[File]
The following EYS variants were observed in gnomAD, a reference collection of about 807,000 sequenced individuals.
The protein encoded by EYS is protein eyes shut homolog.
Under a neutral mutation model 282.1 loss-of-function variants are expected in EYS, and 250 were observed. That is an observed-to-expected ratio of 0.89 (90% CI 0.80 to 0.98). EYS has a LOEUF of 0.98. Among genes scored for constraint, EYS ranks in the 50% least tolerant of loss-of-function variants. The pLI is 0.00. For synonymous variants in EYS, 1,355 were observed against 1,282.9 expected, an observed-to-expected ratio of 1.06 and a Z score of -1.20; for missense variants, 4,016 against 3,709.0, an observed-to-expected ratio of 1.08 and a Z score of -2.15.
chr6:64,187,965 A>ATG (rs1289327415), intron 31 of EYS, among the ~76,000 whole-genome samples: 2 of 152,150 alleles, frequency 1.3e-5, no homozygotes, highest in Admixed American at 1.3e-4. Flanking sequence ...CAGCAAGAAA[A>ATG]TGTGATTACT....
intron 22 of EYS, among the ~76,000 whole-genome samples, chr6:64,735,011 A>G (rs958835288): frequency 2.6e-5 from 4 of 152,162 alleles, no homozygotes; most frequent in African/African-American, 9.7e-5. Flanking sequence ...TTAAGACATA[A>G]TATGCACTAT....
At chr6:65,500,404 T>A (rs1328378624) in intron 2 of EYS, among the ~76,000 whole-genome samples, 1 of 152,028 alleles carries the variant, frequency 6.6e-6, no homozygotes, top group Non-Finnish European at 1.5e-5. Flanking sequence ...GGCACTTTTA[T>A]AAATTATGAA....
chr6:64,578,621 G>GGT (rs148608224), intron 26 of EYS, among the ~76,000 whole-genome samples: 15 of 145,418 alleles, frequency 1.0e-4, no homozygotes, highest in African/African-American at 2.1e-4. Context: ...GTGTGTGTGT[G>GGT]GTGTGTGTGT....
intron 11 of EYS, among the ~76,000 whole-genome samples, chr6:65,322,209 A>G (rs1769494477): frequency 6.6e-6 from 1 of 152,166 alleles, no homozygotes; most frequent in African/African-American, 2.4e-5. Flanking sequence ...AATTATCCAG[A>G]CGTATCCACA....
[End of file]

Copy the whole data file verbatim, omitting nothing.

The following EYS variants were observed in gnomAD, a reference collection of about 807,000 sequenced individuals.
The protein encoded by EYS is protein eyes shut homolog.
Under a neutral mutation model 282.1 loss-of-function variants are expected in EYS, and 250 were observed. That is an observed-to-expected ratio of 0.89 (90% CI 0.80 to 0.98). EYS has a LOEUF of 0.98. Among genes scored for constraint, EYS ranks in the 50% least tolerant of loss-of-function variants. The pLI is 0.00. For synonymous variants in EYS, 1,355 were observed against 1,282.9 expected, an observed-to-expected ratio of 1.06 and a Z score of -1.20; for missense variants, 4,016 against 3,709.0, an observed-to-expected ratio of 1.08 and a Z score of -2.15.
chr6:64,187,965 A>ATG (rs1289327415), intron 31 of EYS, among the ~76,000 whole-genome samples: 2 of 152,150 alleles, frequency 1.3e-5, no homozygotes, highest in Admixed American at 1.3e-4. Flanking sequence ...CAGCAAGAAA[A>ATG]TGTGATTACT....
intron 22 of EYS, among the ~76,000 whole-genome samples, chr6:64,735,011 A>G (rs958835288): frequency 2.6e-5 from 4 of 152,162 alleles, no homozygotes; most frequent in African/African-American, 9.7e-5. Flanking sequence ...TTAAGACATA[A>G]TATGCACTAT....
At chr6:65,500,404 T>A (rs1328378624) in intron 2 of EYS, among the ~76,000 whole-genome samples, 1 of 152,028 alleles carries the variant, frequency 6.6e-6, no homozygotes, top group Non-Finnish European at 1.5e-5. Flanking sequence ...GGCACTTTTA[T>A]AAATTATGAA....
chr6:64,578,621 G>GGT (rs148608224), intron 26 of EYS, among the ~76,000 whole-genome samples: 15 of 145,418 alleles, frequency 1.0e-4, no homozygotes, highest in African/African-American at 2.1e-4. Context: ...GTGTGTGTGT[G>GGT]GTGTGTGTGT....
intron 11 of EYS, among the ~76,000 whole-genome samples, chr6:65,322,209 A>G (rs1769494477): frequency 6.6e-6 from 1 of 152,166 alleles, no homozygotes; most frequent in African/African-American, 2.4e-5. Flanking sequence ...AATTATCCAG[A>G]CGTATCCACA....